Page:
Think most college students graduate in four years? Think again.

A recent report by Complete College America, called "The Four-Year Myth," found that the vast majority of public college students do not graduate on time. Instead, many are graduating on a six-year time frame. And those who attend a two-year community college are looking at a three-year time frame.

According to the report, a majority of public colleges graduate less than 50 percent of their full-time students in four years. At most four-year public colleges, only 19 percent graduate on time. Meanwhile, only 5 percent of those working towards a two-year associate degree graduate on time.

Not only is more time on campus an annoying burden for students, but it costs families money. "As lifetime savings are depleted and financial aid packages run out, the extra time on campus means even more debt," reads the report. Students can face nearly $9,000 extra in tuition at a four-year institution and $3,000 extra at a two-year school.

"And for far too many students," continues the report, "additional semesters do not result in a degree or credential."

Many factors can contribute to a student not graduating on time, including excessive degree requirements, students not taking the credits necessary to graduate and students wasting too much time exploring the course catalog. When an academic adviser is unavailable, students are left to make uniformed decisions. Also, 1.7 million students start college in remediation, but only one in 10 remedial students graduate.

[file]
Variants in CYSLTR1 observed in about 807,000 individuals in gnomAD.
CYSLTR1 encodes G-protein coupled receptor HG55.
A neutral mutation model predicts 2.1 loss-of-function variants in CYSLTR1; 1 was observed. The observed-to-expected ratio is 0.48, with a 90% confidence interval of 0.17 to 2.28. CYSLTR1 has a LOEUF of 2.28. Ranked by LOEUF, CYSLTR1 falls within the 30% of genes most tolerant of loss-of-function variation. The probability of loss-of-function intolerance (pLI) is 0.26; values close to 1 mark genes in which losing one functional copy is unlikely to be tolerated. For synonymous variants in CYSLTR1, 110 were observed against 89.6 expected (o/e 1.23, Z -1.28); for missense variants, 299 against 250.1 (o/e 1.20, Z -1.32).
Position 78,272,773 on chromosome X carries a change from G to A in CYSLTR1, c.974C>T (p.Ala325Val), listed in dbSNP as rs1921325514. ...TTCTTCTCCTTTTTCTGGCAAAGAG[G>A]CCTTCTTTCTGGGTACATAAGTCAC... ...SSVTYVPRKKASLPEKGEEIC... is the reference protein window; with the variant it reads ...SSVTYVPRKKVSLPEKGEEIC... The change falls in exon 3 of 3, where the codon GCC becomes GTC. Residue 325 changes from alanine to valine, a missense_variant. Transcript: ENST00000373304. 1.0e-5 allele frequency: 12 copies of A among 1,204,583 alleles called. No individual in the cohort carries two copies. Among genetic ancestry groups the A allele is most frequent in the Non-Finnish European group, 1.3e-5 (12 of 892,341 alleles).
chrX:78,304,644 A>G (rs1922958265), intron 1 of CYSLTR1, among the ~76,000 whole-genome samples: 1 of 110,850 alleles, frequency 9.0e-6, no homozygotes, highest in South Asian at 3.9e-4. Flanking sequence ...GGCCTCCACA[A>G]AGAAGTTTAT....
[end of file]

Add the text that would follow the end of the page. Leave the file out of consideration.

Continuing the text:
To get students to graduate on time, the reports suggests a Guided Pathway to Success (GPS) system where "students make choices of 'packaged deal' majors, not random courses." Too much freedom and choice could result in students not doing what they're supposed to be doing to complete college in a timely manner.

"Smart institutions aiming to increase completion will offers students choice, to be sure," says the report. "But the choice will be within well-defined limits, or constraints, so that the path to success is clearly marked."

[h/t New York Times]